Inventing a new closing wheel
If you search the internet for “planter closing wheels,” you’ll find every shape and size of aftermarket options, ranging from solid wheels made of cast iron to wheels with fingers or tines to serrated disks.
However, when Tony Wendler started looking for an option to replace the rubber closing wheels on his John Deere planter, he felt a little like Goldilocks trying to find a comfortable bed.
“The hard rubber wheels can pick up mud if our soils are too wet, and they can pack the sidewall when it really needs to be loosened up for better seed-to-soil contact,” says Wendler, who farms near Armstrong, Iowa.
“Yet, many of the spiked wheels that I found had the potential to either overpenetrate or they would get too aggressive and throw seeds out of the furrow, especially if you went too fast. Another problem was that the void between the spikes on some models could pick up and hold a rock. Others were made of poly, which wears out rather quickly.”
So, with the help of his son, James, who owns a fabricating company in Des Moines, Iowa, Wendler set out about seven years ago to design his own closing wheel. After testing a few variations and working with the agronomists at Beck’s Hybrids, he finally settled on a design that combines spikes with a depth ring.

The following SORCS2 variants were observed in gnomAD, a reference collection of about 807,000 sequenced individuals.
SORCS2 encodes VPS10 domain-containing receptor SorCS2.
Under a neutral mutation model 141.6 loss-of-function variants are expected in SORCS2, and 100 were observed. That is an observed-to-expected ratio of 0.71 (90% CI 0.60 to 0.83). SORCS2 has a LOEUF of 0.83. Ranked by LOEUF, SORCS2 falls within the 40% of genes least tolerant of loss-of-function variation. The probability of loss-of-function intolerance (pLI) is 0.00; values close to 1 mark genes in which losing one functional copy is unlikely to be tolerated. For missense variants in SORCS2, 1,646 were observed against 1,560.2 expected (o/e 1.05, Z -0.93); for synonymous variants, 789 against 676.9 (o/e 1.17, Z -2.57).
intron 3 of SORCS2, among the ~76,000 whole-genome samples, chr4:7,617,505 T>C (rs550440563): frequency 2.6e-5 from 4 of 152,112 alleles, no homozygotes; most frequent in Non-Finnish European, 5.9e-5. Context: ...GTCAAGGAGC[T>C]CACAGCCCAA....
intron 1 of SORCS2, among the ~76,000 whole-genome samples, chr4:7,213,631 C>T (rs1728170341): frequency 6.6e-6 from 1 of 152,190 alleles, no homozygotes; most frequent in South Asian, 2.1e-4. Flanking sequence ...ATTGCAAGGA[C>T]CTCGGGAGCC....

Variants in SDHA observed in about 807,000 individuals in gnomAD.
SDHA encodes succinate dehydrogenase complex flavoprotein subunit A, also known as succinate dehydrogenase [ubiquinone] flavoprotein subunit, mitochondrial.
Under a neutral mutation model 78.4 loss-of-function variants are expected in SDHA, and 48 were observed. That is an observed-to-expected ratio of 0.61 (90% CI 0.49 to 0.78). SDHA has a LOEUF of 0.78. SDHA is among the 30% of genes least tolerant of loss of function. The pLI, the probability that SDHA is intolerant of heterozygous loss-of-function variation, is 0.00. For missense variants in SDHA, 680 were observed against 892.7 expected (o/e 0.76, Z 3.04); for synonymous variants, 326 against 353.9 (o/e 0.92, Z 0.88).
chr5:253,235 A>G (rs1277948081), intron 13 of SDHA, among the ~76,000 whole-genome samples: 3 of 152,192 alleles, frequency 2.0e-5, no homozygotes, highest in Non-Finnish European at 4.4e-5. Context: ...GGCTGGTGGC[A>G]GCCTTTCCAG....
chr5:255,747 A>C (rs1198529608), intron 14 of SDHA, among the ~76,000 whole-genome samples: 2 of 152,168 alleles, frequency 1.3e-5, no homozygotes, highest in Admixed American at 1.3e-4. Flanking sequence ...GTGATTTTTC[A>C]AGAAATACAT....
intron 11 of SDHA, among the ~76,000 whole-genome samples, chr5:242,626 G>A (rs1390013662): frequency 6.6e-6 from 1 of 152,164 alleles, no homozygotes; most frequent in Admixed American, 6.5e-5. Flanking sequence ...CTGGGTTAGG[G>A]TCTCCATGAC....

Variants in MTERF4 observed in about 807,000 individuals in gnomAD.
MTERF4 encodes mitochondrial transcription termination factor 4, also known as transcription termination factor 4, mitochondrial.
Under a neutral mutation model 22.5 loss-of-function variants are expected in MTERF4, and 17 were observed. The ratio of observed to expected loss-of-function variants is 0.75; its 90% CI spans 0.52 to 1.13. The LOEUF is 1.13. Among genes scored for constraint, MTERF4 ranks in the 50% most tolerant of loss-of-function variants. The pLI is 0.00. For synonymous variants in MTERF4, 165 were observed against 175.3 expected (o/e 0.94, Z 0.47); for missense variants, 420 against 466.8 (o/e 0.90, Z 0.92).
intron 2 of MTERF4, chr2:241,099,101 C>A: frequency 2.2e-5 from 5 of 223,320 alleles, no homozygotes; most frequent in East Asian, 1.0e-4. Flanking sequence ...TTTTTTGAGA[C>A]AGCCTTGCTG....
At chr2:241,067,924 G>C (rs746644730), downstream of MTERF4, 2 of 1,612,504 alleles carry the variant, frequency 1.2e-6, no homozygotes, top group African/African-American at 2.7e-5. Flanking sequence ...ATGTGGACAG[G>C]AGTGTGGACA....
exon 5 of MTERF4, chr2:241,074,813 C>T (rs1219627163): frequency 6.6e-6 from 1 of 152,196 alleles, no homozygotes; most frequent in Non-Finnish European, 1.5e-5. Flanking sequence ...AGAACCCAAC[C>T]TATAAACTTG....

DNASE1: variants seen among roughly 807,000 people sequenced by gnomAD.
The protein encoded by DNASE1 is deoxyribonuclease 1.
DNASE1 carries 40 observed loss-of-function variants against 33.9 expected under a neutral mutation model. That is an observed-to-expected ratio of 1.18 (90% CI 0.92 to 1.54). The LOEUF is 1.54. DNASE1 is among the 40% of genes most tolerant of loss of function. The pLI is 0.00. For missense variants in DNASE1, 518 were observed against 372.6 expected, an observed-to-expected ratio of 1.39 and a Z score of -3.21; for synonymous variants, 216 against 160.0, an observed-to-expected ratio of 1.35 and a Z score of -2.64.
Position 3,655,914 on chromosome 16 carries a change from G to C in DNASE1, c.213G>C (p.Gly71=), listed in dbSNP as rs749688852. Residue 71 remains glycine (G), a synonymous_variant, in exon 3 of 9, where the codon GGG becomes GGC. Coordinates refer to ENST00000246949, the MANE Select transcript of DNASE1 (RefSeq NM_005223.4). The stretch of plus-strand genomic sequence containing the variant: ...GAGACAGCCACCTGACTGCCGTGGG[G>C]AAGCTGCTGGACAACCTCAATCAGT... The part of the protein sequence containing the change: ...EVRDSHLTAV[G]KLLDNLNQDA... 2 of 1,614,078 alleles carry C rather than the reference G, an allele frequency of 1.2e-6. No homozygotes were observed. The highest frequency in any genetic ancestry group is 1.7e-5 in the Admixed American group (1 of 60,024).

Unlike other closing wheels, Wendler’s design, which he calls the Germinator, consists of two layers of steel stacked.
Each layer is made up of three pieces to reduce waste. (Each piece is also laser-cut from grade 50 steel.) To reduce wear, the extra weight of the steel helps reduce down pressure needs in heavy soil and no-till conditions.
“I hold the provisional patent on the design, and James and I hold the provisional patent on the manufacturing process,” Wendler says, pointing out how the wheel components fit together like jigsaw puzzle pieces to form a perfect circle.
In contrast to some other designs, the curvature between the teeth widens out so it sheds wet soil and any rocks it encounters. In the meantime, the inner wheel, which is welded into place against the spiked wheel, acts as a depth gauge, while firming the soil around the seed.
“We’ve tested it at speeds up to 12 mph and haven’t found any place that the seed was thrown out of the row. In every case, the seeds have been lined up in the bottom of the furrow.”
Builds Them Himself
Rather than sell his design, Wendler has begun manufacturing and selling the Germinator under his own company, Farm Shop Mfg., LLC (farmshopmfg.com).
Customers can buy the closing wheel to replace current rubber wheels, using the existing wheel assembly and bearing. Or they can purchase the entire wheel assembly, which includes new plastic closing wheel rims, bearings, and bolts. Pending no increase in steel prices, the cost of the closing wheel alone is $65.
Wheel assemblies list for $25 each or $90 when purchased as a complete closing wheel unit that includes the spiked closing wheel.
In the meantime, Wendler has been working with stores and dealerships to expand the market beyond his own mail-order business.
“We stock wheels for every brand except the Case IH planters that use a single closing wheel. On most planters, the ring-only insert option simply installs on the factory wheels.”
Wendler’s creative mind hasn’t been content to just settle on a new closing wheel design, though. He also has developed a new grain-temperature sensing system that links to a weather monitor, which will allow producers to remove moisture from corn or add moisture to soybeans for higher market value.